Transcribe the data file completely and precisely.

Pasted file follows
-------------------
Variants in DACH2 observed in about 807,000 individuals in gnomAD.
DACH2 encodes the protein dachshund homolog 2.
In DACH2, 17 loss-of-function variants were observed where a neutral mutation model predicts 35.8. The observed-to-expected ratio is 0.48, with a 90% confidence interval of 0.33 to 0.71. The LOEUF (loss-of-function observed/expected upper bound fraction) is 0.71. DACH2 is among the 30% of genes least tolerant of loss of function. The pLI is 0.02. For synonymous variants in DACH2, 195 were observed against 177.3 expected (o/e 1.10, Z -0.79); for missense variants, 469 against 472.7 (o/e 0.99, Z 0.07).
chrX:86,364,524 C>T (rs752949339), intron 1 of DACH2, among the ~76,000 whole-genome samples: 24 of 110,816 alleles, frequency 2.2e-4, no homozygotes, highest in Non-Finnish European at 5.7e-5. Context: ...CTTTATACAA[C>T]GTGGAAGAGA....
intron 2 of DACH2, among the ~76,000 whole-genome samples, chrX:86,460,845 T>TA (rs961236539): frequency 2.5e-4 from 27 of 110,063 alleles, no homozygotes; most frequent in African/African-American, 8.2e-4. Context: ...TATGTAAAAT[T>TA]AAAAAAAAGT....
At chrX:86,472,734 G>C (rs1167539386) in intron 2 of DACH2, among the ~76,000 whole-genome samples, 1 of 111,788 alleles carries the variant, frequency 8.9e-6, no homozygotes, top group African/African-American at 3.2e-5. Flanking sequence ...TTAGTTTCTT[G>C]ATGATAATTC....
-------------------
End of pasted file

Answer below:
Variants in DACH2 observed in about 807,000 individuals in gnomAD.
DACH2 encodes the protein dachshund homolog 2.
In DACH2, 17 loss-of-function variants were observed where a neutral mutation model predicts 35.8. The observed-to-expected ratio is 0.48, with a 90% confidence interval of 0.33 to 0.71. The LOEUF (loss-of-function observed/expected upper bound fraction) is 0.71. DACH2 is among the 30% of genes least tolerant of loss of function. The pLI is 0.02. For synonymous variants in DACH2, 195 were observed against 177.3 expected (o/e 1.10, Z -0.79); for missense variants, 469 against 472.7 (o/e 0.99, Z 0.07).
chrX:86,364,524 C>T (rs752949339), intron 1 of DACH2, among the ~76,000 whole-genome samples: 24 of 110,816 alleles, frequency 2.2e-4, no homozygotes, highest in Non-Finnish European at 5.7e-5. Context: ...CTTTATACAA[C>T]GTGGAAGAGA....
intron 2 of DACH2, among the ~76,000 whole-genome samples, chrX:86,460,845 T>TA (rs961236539): frequency 2.5e-4 from 27 of 110,063 alleles, no homozygotes; most frequent in African/African-American, 8.2e-4. Context: ...TATGTAAAAT[T>TA]AAAAAAAAGT....
At chrX:86,472,734 G>C (rs1167539386) in intron 2 of DACH2, among the ~76,000 whole-genome samples, 1 of 111,788 alleles carries the variant, frequency 8.9e-6, no homozygotes, top group African/African-American at 3.2e-5. Flanking sequence ...TTAGTTTCTT[G>C]ATGATAATTC....